State lawyers argued Tuesday that a foe of a new Minnesota Senate office building should be on the hook for $18.6 million if his lawsuit doesn’t succeed on appeal and construction is delayed.
Minnesota lawmakers haven’t had a pay hike since 1999. But they can boost their take-home pay with per diem — up to $76 per day in the Minnesota House, and up to $86 a day in the Minnesota Senate.
Democrats fighting to protect Minnesota U.S. Sen. Al Franken’s seat want to replicate the last presidential campaign playbook by casting a well-funded GOP challenger as a corporate raider who put profit over people.
The state Senate passed a bill Tuesday allowing first responders to administer a heroin antidote, called Narcan, in the case of an overdose, and immunity for people who call 911.
Members of a Senate subcommittee accused General Motors of trying to cover up problems with an ignition switch that is now tied to 13 deaths.
Lawmakers on Capitol Hill accused General Motors of a potentially criminal cover-up of its defective ignition switches and fumed at the lack of answers from its new CEO during a second day of hearings Wednesday into why GM waited a decade to recall cars with the deadly flaw.
Leaders of the Minnesota Senate say they hope to pass a $434 million tax relief measure on Thursday, though it’s not clear if differences with a House version will delay its path to Gov. Mark Dayton.
A month after instant “scratch-off” Minnesota Lottery ticket sales went live on the Internet, the pioneering venture faces a high-powered threat at the Capitol. The Senate leaders of both parties and tax committee heads in both chambers are seeking a one-sentence change in state law to permanently turn off the new portal for gambling. Among other issues, lawmakers are upset that lottery officials introduced the games without seeking their approval through explicit legislation allowing it.
The Minnesota House has voted to reverse course on a recent law change making it easier for lobbyists to buy meals for legislators.
Labor pacts covering 38,000 state workers have won approval from the Minnesota Senate. Senators voted 43-22 on Monday to formally adopt contracts that have been in place since late last year.
The Senate Majority Leader talks with Dave about the start of another session. Click the above link to hear the highlights …..
The Republican candidates for governor and senator who won bellwether straw polls among crowded fields sought Wednesday to capitalize on the early show of support from party activists.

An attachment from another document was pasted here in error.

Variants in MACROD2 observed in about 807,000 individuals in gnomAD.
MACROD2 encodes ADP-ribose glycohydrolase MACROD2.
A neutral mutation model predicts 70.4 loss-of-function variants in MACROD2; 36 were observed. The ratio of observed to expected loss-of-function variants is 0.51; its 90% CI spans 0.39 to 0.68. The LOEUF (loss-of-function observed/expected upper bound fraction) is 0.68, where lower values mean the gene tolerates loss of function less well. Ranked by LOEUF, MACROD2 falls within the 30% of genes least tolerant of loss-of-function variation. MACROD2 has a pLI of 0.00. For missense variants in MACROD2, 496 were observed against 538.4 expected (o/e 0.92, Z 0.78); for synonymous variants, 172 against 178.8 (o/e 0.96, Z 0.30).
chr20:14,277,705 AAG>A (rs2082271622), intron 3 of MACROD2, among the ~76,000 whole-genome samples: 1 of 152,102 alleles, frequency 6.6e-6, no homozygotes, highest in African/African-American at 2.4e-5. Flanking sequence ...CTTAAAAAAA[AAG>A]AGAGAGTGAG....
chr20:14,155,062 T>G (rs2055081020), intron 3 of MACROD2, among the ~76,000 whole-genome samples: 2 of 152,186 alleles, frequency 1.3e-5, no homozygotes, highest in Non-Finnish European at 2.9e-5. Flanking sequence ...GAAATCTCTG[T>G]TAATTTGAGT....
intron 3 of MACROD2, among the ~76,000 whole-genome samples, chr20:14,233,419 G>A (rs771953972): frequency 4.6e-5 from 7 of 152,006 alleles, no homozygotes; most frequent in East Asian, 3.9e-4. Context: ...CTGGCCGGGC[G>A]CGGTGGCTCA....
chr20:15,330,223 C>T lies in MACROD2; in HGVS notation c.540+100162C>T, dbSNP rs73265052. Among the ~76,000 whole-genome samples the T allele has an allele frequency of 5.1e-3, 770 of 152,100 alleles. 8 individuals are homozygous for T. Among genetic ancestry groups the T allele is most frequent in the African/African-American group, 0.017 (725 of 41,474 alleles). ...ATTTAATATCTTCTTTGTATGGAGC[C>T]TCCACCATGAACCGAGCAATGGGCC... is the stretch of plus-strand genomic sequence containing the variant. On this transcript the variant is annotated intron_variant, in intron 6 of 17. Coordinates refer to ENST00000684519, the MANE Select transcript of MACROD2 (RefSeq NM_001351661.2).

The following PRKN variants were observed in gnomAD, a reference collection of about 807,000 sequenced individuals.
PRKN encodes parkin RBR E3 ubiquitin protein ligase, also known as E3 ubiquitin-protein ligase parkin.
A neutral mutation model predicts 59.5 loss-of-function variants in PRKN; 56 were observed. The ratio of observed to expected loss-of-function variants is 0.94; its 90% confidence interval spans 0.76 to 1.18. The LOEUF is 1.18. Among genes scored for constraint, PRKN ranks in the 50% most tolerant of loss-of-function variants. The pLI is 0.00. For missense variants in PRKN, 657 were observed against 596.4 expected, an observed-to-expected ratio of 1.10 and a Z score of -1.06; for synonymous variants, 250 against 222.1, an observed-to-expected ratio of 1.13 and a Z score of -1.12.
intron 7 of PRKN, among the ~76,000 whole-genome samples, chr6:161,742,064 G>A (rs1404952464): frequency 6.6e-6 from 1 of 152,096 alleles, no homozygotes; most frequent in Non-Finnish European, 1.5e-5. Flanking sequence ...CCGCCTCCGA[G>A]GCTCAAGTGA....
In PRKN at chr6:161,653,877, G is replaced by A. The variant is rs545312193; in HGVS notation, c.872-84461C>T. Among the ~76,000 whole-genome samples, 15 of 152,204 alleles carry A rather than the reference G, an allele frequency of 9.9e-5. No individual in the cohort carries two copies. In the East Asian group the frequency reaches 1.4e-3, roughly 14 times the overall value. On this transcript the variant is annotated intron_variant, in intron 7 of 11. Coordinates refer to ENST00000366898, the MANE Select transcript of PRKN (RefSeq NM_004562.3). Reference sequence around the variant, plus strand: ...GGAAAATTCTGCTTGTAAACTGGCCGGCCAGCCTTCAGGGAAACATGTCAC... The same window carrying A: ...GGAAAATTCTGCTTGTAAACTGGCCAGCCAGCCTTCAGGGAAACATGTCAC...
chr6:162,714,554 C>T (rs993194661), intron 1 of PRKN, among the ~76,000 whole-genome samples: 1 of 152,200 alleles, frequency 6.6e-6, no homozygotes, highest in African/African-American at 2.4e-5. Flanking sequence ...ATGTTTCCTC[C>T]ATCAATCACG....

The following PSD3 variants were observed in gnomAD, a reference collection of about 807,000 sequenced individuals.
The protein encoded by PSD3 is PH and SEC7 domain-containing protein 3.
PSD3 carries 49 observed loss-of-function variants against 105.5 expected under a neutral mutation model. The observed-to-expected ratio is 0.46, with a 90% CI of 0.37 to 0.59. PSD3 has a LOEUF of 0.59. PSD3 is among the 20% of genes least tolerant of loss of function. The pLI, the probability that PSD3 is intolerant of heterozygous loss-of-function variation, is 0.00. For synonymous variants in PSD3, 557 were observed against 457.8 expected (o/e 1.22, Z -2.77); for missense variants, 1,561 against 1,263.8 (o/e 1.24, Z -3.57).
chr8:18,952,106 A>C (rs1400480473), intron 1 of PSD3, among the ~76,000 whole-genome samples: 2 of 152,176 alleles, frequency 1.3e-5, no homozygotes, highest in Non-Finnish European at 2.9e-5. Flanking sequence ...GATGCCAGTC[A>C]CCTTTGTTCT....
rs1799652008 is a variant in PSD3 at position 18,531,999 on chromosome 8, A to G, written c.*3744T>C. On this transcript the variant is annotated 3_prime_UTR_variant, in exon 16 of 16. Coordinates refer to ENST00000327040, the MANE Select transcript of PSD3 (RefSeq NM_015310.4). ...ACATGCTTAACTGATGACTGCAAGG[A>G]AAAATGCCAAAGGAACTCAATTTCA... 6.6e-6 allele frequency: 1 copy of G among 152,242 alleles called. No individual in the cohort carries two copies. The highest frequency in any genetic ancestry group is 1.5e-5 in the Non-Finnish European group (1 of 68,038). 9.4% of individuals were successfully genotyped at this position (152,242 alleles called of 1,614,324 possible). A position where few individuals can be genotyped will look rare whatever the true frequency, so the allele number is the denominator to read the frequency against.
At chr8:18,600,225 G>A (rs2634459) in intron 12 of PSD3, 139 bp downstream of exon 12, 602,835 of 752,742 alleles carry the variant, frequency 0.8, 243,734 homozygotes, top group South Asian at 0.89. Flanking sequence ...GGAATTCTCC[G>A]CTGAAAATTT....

Congress began a series of hearings Monday before a Senate banking subcommittee into the massive data breach at Target and other retailers. The Secret Service was grilled about when Target told then about the breach, and another hearing is slated for Tuesday. That’s when Target CFO John Mulligan will be in the hot seat.
Rep. Shelley Moore Capito’s responsibilities are familiar to many women: plan her daughter’s May wedding, look out for her elderly parents and concentrate on her day job. The Republican congresswoman from West Virginia is also running for the U.S. Senate. She’s getting some help from women who’ve been there and done that.
Minnesota Republican Senate candidate Mike McFadden raised another $780,000 for his campaign in the last three months of 2013 and has $1.7 million in the bank for his bid to run against incumbent Democrat Al Franken this year.
The campaign arm for Minnesota Democratic state senators agreed Tuesday to pay a $100,000 civil penalty to resolve an investigation over ads in the 2012 election, one of the largest fines levied in a state political case.
Is she the front runner to face Al Franken in 2014?
Early Republican scrimmages Saturday in races for Minnesota governor and the U.S. Senate gave a leg up to a pair of candidates who are looking for any edge against better-financed rivals. The straw polls at the Minnesota Republican Party’s State Central Committee meeting were won by Hennepin County Commissioner Jeff Johnson in the governor’s race and state Sen. Julianne Ortman for Senate. But if past preference polls are any guide, neither has a lock on the party’s endorsement that will be awarded next May or the nomination to be decided in August. “I don’t know that I believe in the curse of the straw poll,” Johnson said after his win, alluding to others who have been overtaken come state convention time. “These are the most active of the activists.”
Though the shutdown is now over, anger towards national politicians hasn’t subsided. A Wall Street Journal/NBC News poll conducted last week showed 60 percent of Americans would be willing to fire every member of Congress and start over.
Legislation to reopen the federal government and avoid a threatened national default has passed the U.S. Senate on an 81-18 vote. The legislation that passed the Senate Wednesday now goes to the U.S. House where a vote is expected later Wednesday.
Mary wrote to us this week out of frustration. In fact, many of you were quite angry in your Good Question submissions about the government shutdown. On Tuesday, we answered the GQ about Congressional members’ salaries. I thought we’d use this space to answer Mary’s question: Is there a recall option for Congress?
The Minnesota Senate agreed Thursday to settle a lawsuit brought by a former staffer who was fired after he was found to be having an affair with the chamber’s majority leader. The Senate agreed to pay Michael Brodkorb $30,000, an amount that chamber leaders said was equal to severance offered Brodkorb before he was fired in December 2011. He had been seeking more than $500,000.
A federal magistrate is weighing whether to dismiss the lawsuit filed by a fired Minnesota Senate aide.
The fired Minnesota Senate aide alleging multiple sexual affairs at the Capitol says a sensitive list of names isn’t the only evidence he has produced about relationships between legislators and staff.